How PBS Captures Broadway Shows for Great Performances | Playbill

Special Features How PBS Captures Broadway Shows for Great Performances

Executive producer David Horn on what audiences can do to make sure more shows are filmed for broadcast.

Great Performances on PBS Executive Producer David Horn on the set of Chita Rivera: A Lot of Livin’ to Do.

You’d think filming a live theatrical performance for PBS would be a pretty straightforward job: show up, set up the cameras, record the show. But for Great Performances Executive Producer David Horn, you also have to think on your feet because anything can happen.

“We were in Tuscany, filming a show with Andrea Boccelli…we had bad weather and we had to postpone,” Horn recalls. “The wind blew so hard, it knocked the camera tower over and knocked one of the jibs down the hill.” The crew had to make an emergency call for a replacement camera. The moral of that story, says Horn, “We always used to say, ‘live means you never have to say you're sorry.’”

There is arguably no bigger expert on the art of filming a live performance than Horn, who has been a producer and director on Great Performances for over 40 years—making sure that audiences around the country have access to Broadway shows, operas, dance, and concerts for free. Horn has won four Emmys, and he’s worked with a who’s who of theatrical legends. Ask about any of them, and he’ll have an anecdote.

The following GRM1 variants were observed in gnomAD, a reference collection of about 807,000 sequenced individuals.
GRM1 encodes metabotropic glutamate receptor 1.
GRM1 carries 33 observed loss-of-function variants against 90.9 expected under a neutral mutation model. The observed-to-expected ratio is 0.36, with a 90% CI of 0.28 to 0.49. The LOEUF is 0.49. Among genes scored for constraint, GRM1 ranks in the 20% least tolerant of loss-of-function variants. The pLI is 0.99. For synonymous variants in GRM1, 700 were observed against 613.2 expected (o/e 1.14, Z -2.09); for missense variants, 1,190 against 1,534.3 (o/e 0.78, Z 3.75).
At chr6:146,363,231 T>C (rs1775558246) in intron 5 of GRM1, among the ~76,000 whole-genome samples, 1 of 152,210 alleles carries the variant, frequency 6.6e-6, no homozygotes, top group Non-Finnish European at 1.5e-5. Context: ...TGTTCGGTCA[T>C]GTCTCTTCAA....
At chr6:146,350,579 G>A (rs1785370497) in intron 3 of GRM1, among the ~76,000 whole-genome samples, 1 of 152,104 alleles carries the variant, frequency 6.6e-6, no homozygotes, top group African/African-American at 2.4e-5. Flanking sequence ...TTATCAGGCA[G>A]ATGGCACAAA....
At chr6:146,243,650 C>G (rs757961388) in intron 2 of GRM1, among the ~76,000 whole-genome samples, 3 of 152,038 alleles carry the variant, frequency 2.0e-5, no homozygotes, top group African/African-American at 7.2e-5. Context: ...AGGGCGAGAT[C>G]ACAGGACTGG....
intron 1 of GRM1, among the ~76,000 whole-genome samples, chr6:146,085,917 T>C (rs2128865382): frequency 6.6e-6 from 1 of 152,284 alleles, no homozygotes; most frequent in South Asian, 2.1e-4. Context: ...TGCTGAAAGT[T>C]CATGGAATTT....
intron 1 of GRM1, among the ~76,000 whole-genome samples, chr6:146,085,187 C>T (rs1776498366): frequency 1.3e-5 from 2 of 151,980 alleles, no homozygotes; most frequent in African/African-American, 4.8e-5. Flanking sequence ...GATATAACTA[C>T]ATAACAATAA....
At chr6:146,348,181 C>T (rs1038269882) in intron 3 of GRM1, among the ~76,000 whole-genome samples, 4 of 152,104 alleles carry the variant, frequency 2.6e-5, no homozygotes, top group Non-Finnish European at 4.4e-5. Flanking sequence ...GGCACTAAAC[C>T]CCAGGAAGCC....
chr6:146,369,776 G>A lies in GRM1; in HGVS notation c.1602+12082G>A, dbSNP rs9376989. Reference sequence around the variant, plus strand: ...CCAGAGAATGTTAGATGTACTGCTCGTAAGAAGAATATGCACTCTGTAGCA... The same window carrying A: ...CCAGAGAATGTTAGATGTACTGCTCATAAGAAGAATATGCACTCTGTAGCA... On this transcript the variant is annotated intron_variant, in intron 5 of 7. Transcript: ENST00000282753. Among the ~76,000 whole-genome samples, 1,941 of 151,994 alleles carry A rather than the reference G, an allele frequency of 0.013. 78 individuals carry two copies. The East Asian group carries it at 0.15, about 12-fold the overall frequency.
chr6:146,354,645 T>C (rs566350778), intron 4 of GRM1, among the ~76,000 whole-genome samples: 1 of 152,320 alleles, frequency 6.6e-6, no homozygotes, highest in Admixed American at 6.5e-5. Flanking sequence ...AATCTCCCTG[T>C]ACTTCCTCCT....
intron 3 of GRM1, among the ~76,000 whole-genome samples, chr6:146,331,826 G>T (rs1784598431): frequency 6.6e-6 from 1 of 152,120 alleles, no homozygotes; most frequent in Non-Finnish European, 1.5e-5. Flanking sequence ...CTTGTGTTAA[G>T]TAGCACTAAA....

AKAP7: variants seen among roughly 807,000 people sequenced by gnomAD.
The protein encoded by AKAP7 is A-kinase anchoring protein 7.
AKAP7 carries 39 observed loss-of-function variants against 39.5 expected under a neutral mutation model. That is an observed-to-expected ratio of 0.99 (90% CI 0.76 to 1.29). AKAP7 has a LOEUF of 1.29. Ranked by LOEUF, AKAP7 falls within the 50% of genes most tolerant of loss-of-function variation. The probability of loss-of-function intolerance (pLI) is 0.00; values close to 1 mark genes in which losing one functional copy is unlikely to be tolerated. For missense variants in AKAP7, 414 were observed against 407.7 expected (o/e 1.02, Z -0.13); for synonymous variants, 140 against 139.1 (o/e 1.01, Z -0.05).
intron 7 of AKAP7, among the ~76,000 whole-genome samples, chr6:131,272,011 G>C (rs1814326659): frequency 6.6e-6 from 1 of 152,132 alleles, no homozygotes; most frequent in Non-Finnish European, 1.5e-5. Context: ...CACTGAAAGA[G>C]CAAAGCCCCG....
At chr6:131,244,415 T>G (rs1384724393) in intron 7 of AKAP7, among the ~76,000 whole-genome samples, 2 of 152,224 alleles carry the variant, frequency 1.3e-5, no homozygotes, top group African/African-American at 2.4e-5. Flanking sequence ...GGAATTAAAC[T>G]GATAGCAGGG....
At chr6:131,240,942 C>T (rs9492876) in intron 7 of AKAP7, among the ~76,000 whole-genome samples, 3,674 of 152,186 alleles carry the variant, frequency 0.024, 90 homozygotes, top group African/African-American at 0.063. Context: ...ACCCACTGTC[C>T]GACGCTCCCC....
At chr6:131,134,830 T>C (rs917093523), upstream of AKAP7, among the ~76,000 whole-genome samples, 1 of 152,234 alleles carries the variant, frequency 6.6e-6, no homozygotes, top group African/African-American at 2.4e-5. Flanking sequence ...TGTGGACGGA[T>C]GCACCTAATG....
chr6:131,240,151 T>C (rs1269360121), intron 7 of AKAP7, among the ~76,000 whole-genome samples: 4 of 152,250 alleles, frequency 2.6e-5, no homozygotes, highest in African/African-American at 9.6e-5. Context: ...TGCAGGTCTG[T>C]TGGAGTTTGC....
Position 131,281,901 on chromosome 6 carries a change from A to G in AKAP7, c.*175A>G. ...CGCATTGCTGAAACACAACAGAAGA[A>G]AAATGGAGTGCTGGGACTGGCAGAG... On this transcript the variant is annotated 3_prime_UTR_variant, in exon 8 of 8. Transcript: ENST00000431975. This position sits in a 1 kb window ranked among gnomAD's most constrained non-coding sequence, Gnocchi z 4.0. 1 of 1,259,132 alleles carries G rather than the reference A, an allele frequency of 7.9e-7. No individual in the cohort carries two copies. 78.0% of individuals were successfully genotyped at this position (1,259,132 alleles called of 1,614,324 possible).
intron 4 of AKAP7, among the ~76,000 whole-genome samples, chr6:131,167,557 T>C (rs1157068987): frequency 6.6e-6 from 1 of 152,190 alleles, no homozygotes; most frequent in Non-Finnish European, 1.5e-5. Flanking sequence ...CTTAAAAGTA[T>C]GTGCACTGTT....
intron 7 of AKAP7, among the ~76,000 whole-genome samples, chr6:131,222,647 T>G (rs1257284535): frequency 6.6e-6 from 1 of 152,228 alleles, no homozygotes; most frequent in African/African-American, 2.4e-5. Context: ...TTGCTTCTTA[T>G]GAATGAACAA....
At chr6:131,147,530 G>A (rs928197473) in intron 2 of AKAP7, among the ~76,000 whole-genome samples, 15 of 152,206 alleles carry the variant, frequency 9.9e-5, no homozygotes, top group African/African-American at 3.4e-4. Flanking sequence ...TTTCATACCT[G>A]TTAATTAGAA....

Barbra Streisand: “She usually uses a director that she trusts that she's worked with before…She then takes the product and she edits it herself with an editor. She's a perfectionist.” Great Performances presented Barbra Streisand: Back to Brooklyn.

Julie Andrews: “Julie is a doll. We were going to do a concert down at Wolf Trap. And this was about ’89 or ’90. And we had a labor issue at the last minute—we had all the trucks, all the labor, the stagehands, everybody ready to set up at midnight before the next day. And we had to cancel. So I had to be the one to go tell Julie that we couldn't do her show…She was very understanding.” Horn was executive producer of the filmed live capture of Victor/Victoria on Broadway in 1995.

This May, Great Performances has released four new live captures: the Broadway revival of Purlie Victorious, last year’s Hamlet in Shakespeare in the Park, an Audra McDonald concert, and (on May 31) the Rodgers and Hammerstein 80th anniversary concert. After they air on PBS, the shows are available to stream on and via the PBS app. Purlie will be streaming until July 19, Hamlet will stream until June 30, the Rodgers and Hammerstein concert will stream until June 28, and the Audra McDonald concert will stream until June 14.

But how exactly does a Great Performances performance get captured? And why isn’t PBS producing specials for all of Broadway? Luckily, Horn was willing to go into the nuts-and-bolts of the Great Performances process.